Steve Kenney, who owns SRK Pools, a Wainscott-based company that constructs, services, and maintains residential swimming pools, said the RECenter has long been operating in a negligent and even dangerous fashion. Mr. Kenney said in an interview that his children experienced severe coughing fits, stomach pain, and diarrhea after swimming there, and that other bathers, including RECenter swim instructors, have reported similar symptoms as well as skin irritation. These symptoms, he said, are indicative of waterborne pathogens that the RECenter is not controlling.
Chlorine-based disinfectants have long been the most popular treatment to kill pathogens in swimming pools. But when chlorine bonds with ammonia that is excreted from the body via perspiration or other fluids, a byproduct, chloramine, is formed. Exposure to chloramine gas can contribute to respiratory problems.
An extreme chloramine level at the RECenter, Mr. Kenney maintained, is responsible for the symptoms he described. “That’s going to make your eyes burn and your lungs tighten up, and it’s going to irritate your skin,” he said. The chlorine-ammonia bond, he said, has to be broken so that chlorine is free to fight bacteria. Oxidizing the bond is accomplished by adding more chlorine, a process known as shock chlorination, or through ozone or ultraviolet-based treatment systems.
Poor air quality at the pools, said Mr. Kenney, is the result of poor water treatment. Compounding the problem, he said, is the swimming pool industry’s over-reliance on chlorine, from which some pathogens are now immune. Among these are cryptosporidium, which has sickened bathers at pools around the country and the world. Cryptosporidium infection, which can cause diarrhea, vomiting, fever, or abdominal cramps, is most dangerous to elderly and young bathers and those with compromised immune systems. Only an ozone or utraviolet-based treatment system, said Mr. Kenney, will kill cryptosporidium and other chlorine-resistant pathogens.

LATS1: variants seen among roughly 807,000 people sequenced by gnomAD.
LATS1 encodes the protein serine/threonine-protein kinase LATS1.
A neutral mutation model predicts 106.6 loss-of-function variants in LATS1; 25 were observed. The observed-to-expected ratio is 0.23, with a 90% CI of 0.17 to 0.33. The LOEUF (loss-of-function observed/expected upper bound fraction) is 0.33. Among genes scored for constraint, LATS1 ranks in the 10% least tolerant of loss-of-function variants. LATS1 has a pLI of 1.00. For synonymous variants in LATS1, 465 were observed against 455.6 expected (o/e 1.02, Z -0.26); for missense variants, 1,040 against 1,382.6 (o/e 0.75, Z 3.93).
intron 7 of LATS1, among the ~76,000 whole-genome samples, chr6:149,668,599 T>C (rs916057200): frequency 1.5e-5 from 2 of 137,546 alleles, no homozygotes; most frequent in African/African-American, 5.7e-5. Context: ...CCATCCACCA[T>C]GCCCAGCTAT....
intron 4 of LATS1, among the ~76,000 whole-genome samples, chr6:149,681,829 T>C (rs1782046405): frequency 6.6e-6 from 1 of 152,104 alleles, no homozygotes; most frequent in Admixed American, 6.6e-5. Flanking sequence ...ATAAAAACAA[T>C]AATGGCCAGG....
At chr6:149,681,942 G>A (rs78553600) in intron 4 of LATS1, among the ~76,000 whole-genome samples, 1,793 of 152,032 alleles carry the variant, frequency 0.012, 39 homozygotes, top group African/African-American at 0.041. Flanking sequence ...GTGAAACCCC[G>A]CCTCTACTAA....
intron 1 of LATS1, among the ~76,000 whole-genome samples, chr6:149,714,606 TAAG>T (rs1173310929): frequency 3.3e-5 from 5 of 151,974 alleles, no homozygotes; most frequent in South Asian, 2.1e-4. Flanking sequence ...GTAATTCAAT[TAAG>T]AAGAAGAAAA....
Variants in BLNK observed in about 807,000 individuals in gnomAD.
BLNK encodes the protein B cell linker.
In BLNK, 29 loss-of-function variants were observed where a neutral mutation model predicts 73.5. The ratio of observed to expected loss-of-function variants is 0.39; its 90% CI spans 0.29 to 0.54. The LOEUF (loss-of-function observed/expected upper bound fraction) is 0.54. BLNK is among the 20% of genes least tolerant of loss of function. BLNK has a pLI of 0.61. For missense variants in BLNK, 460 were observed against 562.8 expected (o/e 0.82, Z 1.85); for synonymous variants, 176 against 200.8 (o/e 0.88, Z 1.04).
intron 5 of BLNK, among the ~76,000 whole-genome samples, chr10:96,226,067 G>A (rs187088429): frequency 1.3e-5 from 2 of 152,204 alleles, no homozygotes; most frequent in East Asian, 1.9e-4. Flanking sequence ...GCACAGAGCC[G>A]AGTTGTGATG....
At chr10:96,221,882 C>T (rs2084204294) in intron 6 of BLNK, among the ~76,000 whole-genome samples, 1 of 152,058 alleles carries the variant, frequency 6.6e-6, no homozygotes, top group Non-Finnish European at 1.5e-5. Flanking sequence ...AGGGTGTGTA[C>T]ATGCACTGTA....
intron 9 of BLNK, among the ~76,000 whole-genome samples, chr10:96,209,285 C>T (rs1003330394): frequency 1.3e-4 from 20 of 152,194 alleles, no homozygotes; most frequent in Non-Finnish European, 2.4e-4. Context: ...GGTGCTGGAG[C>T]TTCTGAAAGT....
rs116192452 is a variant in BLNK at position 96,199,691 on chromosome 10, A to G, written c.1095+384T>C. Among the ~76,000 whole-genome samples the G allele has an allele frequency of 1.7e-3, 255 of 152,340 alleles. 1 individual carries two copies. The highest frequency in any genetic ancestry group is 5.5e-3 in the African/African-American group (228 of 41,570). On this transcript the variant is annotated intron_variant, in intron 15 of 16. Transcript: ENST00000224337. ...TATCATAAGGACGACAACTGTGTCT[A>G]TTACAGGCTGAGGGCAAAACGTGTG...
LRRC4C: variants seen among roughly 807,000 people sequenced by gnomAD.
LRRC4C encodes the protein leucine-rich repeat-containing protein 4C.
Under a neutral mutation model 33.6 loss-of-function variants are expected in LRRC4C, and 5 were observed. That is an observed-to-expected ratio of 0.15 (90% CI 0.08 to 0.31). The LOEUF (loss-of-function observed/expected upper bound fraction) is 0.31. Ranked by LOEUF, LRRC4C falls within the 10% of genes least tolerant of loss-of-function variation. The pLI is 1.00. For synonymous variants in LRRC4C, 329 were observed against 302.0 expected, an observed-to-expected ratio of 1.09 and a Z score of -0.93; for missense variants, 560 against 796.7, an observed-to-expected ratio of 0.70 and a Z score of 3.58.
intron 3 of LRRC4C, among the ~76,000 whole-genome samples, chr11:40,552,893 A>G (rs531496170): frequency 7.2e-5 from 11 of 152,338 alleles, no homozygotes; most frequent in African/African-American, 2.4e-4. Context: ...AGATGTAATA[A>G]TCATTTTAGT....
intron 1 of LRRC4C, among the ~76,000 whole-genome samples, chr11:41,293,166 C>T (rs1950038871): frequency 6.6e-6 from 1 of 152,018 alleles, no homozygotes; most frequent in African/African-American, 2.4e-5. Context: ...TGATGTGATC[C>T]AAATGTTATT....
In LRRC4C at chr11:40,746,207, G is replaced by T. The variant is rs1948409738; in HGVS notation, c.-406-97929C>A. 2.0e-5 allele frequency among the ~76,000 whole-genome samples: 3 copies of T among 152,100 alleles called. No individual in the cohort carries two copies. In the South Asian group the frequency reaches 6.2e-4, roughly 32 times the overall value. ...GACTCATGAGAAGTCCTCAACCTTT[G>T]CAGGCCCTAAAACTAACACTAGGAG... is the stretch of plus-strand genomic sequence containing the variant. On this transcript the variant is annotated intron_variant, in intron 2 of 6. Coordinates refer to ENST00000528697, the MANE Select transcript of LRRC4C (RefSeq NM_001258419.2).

Mr. Kenney said he had suggested treatment systems to RECenter officials several times, and acknowledged the appearance of a conflict of interest. But he insisted that he was motivated simply by the wish that all children be able to use the pools safely. He forwarded to The East Hampton Star an e-mail from an instructor at the center that attributed adverse health effects to the pools, mentioned a relative who complained of symptoms after swimming, and described frustration with a management that has ignored complaints.
“Every instructor I’ve spoken to there — and I’ve spoken to about six over the past eight years — said, ‘You’ve got to do something, I can’t teach here anymore,’ ” said Mr. Kenney.
The author of the e-mail declined to speak on the record. Neither Tom Cohill, aquatics director at the RECenter, nor Joseph Vasile-Cozzo, East Hampton High School’s athletic director, had responded to multiple calls as of Monday.
Mr. Castro said Mr. Kenney’s accusations were misguided as well as inaccurate. “This is the first time we’ve had these kinds of claims,” he said. “You have individuals that want to sell us something, and what they’re selling is supposedly going to fix our problem. I have 300 people in there every day, and I’m not having a mass of people breaking out. To the Health Department, we manage it within acceptable limits.”
The RECenter is in the midst of upgrading its water-treatment systems, said Mr. Castro, and its request to the town for capital improvements is part of that effort. “But before you jump to conclusions, you’ve got to do due diligence,” he said. “We should not make this more complicated than it is. Can we improve things? Absolutely. Are we operating an unsafe facility? No.”